I thought it was normal that my mom told me misinformation about topics she didn’t want to discuss.  I’ll never forget the time I was in grade 6 and inquired about how a person contracted AIDS.  With her own agenda in mind, as always, she flipped off a quick reply to my query: “By having sex with more than one person”.   I knew not to press, but held that information inside of me and wrongly trusted that my mom was telling the truth.  I also remember when my good friend told me later that year that her mom was pregnant; I knew her mom was with someone other than my friend’s dad, so I replied in concern: “But now your mom has AIDS!”  She laughed at me, and told me how ridiculous that statement was.  My cheeks burned in embarrassment, and felt such anger at my mom for setting me up like that.  I should have known the truth.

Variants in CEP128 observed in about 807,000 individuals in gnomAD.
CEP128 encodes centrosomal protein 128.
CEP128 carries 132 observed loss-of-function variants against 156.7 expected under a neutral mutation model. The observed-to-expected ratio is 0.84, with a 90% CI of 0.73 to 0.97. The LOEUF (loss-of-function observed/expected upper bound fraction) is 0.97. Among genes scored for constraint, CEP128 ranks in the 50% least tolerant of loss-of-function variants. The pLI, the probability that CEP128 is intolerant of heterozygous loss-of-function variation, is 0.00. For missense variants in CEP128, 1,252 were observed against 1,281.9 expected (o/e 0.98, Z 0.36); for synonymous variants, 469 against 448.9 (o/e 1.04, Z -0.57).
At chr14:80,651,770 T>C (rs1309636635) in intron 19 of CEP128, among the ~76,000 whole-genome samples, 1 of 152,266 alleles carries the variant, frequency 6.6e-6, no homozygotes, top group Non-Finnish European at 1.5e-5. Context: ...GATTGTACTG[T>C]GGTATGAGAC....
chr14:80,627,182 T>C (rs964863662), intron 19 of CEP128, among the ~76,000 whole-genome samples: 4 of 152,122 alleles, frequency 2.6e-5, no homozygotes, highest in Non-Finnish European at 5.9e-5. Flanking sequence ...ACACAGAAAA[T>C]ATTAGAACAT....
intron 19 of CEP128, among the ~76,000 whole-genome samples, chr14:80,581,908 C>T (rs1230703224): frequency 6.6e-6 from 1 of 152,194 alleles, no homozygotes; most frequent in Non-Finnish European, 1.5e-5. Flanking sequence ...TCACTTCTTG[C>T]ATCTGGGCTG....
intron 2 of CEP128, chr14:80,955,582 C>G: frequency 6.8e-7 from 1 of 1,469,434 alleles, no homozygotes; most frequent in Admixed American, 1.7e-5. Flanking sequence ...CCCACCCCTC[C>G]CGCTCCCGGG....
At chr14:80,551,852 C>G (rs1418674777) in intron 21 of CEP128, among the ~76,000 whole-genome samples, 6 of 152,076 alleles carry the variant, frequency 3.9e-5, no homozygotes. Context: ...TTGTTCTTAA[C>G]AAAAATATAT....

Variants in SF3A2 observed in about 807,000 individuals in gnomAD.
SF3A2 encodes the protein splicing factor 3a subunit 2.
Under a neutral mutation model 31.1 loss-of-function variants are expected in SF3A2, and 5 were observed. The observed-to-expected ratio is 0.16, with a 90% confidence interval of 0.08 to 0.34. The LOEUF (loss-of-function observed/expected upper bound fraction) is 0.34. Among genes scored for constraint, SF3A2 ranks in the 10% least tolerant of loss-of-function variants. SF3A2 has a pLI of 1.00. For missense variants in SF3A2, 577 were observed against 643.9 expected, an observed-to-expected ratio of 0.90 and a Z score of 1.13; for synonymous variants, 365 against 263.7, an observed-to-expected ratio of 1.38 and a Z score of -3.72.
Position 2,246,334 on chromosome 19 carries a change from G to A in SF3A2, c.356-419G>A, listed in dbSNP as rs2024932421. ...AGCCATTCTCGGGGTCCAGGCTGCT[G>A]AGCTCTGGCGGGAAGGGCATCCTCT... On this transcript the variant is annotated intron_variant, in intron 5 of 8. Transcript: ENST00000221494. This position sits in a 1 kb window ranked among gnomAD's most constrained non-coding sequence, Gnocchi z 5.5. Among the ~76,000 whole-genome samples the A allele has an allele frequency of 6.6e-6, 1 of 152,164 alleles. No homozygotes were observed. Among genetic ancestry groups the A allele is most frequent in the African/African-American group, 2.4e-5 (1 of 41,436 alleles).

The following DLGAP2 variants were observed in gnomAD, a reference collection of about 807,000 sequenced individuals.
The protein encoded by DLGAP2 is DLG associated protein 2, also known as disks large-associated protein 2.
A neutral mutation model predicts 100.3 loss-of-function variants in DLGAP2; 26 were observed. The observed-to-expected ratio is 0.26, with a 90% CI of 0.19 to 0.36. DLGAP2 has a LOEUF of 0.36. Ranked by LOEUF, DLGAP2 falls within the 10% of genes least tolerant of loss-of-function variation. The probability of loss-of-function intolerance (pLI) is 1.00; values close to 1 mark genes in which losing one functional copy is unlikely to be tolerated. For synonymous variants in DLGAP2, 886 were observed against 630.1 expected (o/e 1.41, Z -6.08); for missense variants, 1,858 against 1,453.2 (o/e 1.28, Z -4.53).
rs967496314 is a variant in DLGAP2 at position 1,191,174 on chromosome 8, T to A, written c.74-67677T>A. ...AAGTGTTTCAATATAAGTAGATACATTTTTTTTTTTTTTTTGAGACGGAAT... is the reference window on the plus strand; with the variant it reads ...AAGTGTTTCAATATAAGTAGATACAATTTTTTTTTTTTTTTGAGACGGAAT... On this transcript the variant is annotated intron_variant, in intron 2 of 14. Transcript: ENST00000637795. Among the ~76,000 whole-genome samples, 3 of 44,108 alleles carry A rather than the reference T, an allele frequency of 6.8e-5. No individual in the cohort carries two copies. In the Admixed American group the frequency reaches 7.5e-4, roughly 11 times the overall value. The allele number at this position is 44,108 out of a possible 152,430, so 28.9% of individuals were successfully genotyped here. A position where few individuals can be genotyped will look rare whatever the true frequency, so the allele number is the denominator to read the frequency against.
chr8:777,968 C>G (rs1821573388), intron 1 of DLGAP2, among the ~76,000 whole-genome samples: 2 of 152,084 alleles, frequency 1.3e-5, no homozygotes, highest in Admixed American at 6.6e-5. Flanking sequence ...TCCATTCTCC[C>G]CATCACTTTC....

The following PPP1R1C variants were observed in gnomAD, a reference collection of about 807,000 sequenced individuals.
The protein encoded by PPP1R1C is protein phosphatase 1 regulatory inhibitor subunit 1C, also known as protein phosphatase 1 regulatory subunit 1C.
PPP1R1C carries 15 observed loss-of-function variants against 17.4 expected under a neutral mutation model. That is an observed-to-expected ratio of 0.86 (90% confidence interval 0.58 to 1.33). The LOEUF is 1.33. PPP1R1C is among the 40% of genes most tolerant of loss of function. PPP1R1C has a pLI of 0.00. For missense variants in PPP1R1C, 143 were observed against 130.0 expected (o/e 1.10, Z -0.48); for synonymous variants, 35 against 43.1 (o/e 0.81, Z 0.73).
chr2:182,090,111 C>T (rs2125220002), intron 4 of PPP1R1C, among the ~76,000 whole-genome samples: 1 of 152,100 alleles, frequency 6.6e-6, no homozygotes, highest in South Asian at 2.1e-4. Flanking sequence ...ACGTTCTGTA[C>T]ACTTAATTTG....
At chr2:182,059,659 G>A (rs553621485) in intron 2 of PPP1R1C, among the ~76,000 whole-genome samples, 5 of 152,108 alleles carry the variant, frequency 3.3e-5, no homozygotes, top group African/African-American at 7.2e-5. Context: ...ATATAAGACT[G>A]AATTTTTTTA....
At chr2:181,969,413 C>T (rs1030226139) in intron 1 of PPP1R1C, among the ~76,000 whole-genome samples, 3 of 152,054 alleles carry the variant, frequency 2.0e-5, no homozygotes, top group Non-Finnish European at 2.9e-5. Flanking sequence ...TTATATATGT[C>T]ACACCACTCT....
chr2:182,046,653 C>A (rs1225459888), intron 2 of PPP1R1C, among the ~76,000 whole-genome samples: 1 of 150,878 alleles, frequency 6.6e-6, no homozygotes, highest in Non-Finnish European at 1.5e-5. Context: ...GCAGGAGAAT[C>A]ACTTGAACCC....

I thought it was normal for my mom to tell me I needed to wash better because she had seen the slightest amount of vaginal discharge in my underwear as a teenager.  I showered daily, but figured I wasn’t doing a good enough job.  I remember washing obsessively, thinking I was dirty and gross, and feeling ashamed for my body doing something that was, in fact, perfectly normal.  I felt shame over a bodily function that God designed us to have, because my mom had again given me misinformation.  It wasn’t until my adult years, when I began exploring natural birth control methods, that I realized that cervical mucus was normal and a sign of a healthy body; it was part of how God designed women.  Instead, I lived for years in shame with the lie that I was dirty and abnormal.

I thought it was normal for my mom to include nothing more in my sex education than “don’t have it”.   (And at this point she still hadn’t officially discussed anything about human reproduction with me).  She was adamant that I just don’t have sex until married, but never expanded more on it.  I was never given a healthy view on what sex was, how to enjoy it safely, how wonderful it is in the context of marriage, and that it was a good thing.